“Local authorities should be given the power to increase planning fees,” the report added, suggesting local authorities should be able to set and vary planning fees to help fund a more efficient planning system, with the upper cap on these charges set much higher than the current limit.
Lord Hollick, chairman of the committee, said the only way to face the acute housing crisis is to increase supply.
“The country needs to build 300,000 homes a year for the foreseeable future. The private sector alone cannot deliver that. It has neither the ability nor motivation to do so; we need local government and housing associations to get back into the business of building,” he stated.
“The government are too focused on home ownership which will never be achievable for a great many people and in some areas it will be out of reach even for those on average incomes.”
He also called it “very concerning” that changes to stamp duty for landlords and cuts to social rent could reduce the availability of homes for rent.
The Residential Landlords Association picked up these points and called on the new government to drop its predecessor’s attacks on the buy-to-let market and ensure that the tax and planning systems encourage individual landlords to invest in new properties.
Alan Ward, chairman of the RLA, argued corporate investors are simply failing to develop the required homes to rent.

“The vast majority of landlords are individuals, renting out just a few properties,” he stated. “With the right planning and tax policies, they are ideally placed to invest in new homes to rent and to make better use of the country’s existing housing stock, including converting large properties into more useable smaller units of accommodation.”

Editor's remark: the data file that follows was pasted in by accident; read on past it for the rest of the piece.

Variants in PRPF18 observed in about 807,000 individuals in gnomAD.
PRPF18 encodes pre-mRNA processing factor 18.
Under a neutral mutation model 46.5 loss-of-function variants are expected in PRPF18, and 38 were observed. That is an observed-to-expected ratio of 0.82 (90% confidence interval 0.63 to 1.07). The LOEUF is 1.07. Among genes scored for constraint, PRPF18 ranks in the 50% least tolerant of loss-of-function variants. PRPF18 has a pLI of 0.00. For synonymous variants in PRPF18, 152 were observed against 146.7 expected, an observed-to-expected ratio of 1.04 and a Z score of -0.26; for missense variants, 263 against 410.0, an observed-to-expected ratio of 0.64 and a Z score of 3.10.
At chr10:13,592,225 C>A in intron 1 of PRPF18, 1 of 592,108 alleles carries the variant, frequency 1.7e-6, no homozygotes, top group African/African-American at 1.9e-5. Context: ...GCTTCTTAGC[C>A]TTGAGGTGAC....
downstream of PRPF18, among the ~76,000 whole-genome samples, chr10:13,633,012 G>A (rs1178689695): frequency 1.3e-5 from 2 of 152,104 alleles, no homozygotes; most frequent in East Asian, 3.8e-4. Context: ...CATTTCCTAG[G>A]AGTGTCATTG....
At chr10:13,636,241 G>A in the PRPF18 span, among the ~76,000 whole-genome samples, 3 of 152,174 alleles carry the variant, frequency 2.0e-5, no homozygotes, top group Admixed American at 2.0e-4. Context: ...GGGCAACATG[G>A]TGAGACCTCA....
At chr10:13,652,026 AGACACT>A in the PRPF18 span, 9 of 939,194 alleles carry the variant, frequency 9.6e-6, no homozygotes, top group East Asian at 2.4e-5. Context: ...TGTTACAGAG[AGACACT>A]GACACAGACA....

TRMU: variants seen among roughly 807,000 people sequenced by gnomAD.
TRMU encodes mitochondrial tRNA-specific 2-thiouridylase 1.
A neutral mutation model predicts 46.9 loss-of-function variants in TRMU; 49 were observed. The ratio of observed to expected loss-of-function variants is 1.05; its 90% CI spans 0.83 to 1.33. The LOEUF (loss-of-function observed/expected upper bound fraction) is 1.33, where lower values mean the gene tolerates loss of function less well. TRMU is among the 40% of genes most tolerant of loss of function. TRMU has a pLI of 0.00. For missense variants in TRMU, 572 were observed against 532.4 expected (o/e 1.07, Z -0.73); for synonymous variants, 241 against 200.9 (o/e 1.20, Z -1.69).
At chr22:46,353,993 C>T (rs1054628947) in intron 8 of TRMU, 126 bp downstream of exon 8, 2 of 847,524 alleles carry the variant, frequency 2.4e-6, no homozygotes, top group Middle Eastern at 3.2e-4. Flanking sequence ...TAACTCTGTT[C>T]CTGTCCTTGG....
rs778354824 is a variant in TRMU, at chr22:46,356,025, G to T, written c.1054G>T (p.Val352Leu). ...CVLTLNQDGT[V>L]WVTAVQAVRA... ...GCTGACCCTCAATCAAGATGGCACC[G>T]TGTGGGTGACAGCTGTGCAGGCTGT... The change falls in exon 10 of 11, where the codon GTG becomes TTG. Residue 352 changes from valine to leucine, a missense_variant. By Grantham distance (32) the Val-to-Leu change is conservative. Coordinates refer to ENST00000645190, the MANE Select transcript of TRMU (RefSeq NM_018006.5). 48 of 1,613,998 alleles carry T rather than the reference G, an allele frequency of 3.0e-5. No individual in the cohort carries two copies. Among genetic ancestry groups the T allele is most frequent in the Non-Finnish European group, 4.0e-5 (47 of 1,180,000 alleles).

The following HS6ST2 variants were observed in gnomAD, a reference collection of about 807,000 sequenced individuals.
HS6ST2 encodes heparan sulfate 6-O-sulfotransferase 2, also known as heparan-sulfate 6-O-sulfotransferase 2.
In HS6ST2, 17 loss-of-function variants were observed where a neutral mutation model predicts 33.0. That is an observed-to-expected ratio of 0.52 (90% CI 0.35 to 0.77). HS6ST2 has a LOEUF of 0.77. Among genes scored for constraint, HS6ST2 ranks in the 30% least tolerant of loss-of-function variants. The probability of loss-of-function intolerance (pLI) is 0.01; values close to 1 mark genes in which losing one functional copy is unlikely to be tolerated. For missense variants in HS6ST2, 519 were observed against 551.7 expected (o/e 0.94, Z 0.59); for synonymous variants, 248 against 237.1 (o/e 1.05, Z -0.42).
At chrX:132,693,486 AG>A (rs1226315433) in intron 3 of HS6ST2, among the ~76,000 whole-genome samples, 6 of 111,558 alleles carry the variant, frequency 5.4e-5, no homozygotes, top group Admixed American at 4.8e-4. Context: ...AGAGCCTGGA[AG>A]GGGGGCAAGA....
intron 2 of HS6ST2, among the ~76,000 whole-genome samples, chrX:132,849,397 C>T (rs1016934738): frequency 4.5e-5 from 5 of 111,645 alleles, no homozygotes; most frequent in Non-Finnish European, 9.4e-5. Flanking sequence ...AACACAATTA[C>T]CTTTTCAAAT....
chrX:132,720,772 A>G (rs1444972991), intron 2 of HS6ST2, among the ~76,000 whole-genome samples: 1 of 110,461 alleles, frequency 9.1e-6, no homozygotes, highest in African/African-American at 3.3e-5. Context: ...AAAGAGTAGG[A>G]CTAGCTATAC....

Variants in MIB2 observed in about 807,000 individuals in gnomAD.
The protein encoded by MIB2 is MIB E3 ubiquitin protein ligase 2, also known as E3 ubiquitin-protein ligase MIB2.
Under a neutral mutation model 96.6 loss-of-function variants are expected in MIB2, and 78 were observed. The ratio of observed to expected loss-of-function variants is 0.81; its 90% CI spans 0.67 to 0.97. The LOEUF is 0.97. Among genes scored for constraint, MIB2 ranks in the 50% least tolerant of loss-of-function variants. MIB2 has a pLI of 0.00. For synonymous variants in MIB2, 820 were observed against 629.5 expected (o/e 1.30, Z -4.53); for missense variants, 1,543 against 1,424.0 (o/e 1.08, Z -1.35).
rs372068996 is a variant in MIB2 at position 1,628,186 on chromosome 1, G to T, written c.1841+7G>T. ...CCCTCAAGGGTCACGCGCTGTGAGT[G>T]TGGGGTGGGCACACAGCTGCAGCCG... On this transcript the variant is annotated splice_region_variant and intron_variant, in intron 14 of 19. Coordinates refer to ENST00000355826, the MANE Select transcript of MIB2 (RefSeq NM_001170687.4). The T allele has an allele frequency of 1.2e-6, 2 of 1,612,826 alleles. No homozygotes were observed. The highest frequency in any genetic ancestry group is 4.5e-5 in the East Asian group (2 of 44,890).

Saturday 9 July 2016

Annual House Price Growth eases to 8.4% in June 16

The latest Halifax House Price index has just been released and it's key findings are:

  • Prices in the 3 months to June were 8.4% higher than in the same period of 2015. This was down from 9.2% in May and was the lowest since July 2015 (7.8%)
  • House prices in the last 3 months to June 16 were 1.2% higher than in the preceding 3 months. This was slightly below Mays 1.5% increase and was the lowest rise since December 2014 (1%)
  • Home sales stabilised in May. There was a surge of activity on the run up to March with the stamp duty changes and in May 89,700 completions took place up 1.5% on April. However this is still well below the six month average which amounts to 106,750.
The full report is available here

Friday 1 July 2016

Southampton Take two!! Two houses on the same road and £50k price difference

Here we have two properties on the market on the same street in Weston Southampton. One has been refurbished and is on the market at £180k. We let the next door unit at £875pcm and the yield is good at 5.8% based on asking price. It is a lovely unit and will let well.

On the other hand if you fancy getting your hands dirty you could have a look at this unit. It needs a complete refit but is on the market at £130k and could be bought for less I'd imagine. Once refurbed it will let well just like the above unit.
Both these units would make good buy 2 lets and given where the market is at post Brexit I think they could offer good value as well.